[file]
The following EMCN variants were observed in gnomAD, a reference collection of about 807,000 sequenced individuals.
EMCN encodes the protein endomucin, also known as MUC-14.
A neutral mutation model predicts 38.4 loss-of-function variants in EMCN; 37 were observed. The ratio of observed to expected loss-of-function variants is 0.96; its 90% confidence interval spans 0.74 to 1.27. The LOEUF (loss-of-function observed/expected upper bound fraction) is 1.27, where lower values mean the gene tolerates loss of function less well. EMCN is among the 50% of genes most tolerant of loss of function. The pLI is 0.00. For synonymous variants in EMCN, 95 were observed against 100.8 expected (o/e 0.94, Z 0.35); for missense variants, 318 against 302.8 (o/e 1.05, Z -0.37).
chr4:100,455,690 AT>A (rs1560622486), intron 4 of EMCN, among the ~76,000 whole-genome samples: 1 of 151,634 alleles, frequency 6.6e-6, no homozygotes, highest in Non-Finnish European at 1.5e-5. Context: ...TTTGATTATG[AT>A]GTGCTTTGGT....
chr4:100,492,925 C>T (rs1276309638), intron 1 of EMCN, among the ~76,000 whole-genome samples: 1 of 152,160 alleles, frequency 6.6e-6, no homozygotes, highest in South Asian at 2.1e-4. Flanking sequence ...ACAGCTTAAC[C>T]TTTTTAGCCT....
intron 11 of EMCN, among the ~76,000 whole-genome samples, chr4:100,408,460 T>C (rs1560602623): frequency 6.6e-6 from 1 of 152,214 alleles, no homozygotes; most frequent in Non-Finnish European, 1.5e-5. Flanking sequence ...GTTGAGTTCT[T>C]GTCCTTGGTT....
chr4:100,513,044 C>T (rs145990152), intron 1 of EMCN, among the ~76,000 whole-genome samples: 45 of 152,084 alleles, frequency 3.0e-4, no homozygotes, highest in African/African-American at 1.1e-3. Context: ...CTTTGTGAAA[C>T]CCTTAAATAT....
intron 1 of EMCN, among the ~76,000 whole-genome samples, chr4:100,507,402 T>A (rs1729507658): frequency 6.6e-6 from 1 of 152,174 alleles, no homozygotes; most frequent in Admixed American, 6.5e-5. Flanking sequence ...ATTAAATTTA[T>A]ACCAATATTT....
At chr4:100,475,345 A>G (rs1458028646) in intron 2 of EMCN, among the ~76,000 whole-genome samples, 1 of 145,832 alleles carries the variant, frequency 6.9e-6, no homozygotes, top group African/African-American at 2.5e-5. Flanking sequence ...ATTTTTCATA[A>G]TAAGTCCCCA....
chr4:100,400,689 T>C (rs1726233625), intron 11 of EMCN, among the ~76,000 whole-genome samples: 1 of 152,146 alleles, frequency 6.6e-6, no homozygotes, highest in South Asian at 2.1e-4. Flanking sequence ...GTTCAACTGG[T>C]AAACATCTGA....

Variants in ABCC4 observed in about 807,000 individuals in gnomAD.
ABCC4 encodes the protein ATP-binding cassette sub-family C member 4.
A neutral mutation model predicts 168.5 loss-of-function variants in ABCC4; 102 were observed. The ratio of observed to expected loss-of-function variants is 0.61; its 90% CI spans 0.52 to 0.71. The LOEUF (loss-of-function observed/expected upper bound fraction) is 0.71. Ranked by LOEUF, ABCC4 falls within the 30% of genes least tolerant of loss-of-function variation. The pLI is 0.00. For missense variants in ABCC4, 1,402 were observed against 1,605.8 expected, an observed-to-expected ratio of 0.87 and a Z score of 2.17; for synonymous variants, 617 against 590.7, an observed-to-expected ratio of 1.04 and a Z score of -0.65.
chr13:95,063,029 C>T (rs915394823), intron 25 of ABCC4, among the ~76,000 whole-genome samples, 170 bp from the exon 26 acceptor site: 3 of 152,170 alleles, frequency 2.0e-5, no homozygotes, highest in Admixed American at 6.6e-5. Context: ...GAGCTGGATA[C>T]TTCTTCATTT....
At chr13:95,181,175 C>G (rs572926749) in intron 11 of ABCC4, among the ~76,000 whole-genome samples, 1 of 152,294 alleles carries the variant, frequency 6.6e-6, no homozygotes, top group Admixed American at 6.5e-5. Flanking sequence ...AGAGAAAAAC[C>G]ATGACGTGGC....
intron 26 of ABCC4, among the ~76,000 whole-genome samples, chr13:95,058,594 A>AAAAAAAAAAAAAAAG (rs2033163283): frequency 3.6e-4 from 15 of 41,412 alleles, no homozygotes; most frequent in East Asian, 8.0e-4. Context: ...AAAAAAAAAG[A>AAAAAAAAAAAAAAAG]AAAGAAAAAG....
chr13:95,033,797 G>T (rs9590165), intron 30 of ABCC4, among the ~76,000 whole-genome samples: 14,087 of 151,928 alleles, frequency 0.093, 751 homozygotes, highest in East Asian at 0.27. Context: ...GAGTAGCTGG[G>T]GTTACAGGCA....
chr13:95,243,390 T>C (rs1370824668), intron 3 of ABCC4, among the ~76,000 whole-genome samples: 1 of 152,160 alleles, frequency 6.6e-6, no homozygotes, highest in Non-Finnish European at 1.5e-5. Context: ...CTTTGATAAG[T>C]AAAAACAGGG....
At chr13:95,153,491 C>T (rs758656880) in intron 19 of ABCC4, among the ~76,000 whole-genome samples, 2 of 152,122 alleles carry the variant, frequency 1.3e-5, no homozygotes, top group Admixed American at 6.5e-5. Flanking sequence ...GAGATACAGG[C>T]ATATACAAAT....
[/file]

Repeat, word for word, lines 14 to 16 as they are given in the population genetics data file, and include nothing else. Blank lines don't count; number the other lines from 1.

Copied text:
chr13:95,063,029 C>T (rs915394823), intron 25 of ABCC4, among the ~76,000 whole-genome samples, 170 bp from the exon 26 acceptor site: 3 of 152,170 alleles, frequency 2.0e-5, no homozygotes, highest in Admixed American at 6.6e-5. Context: ...GAGCTGGATA[C>T]TTCTTCATTT....
At chr13:95,181,175 C>G (rs572926749) in intron 11 of ABCC4, among the ~76,000 whole-genome samples, 1 of 152,294 alleles carries the variant, frequency 6.6e-6, no homozygotes, top group Admixed American at 6.5e-5. Flanking sequence ...AGAGAAAAAC[C>G]ATGACGTGGC....
intron 26 of ABCC4, among the ~76,000 whole-genome samples, chr13:95,058,594 A>AAAAAAAAAAAAAAAG (rs2033163283): frequency 3.6e-4 from 15 of 41,412 alleles, no homozygotes; most frequent in East Asian, 8.0e-4. Context: ...AAAAAAAAAG[A>AAAAAAAAAAAAAAAG]AAAGAAAAAG....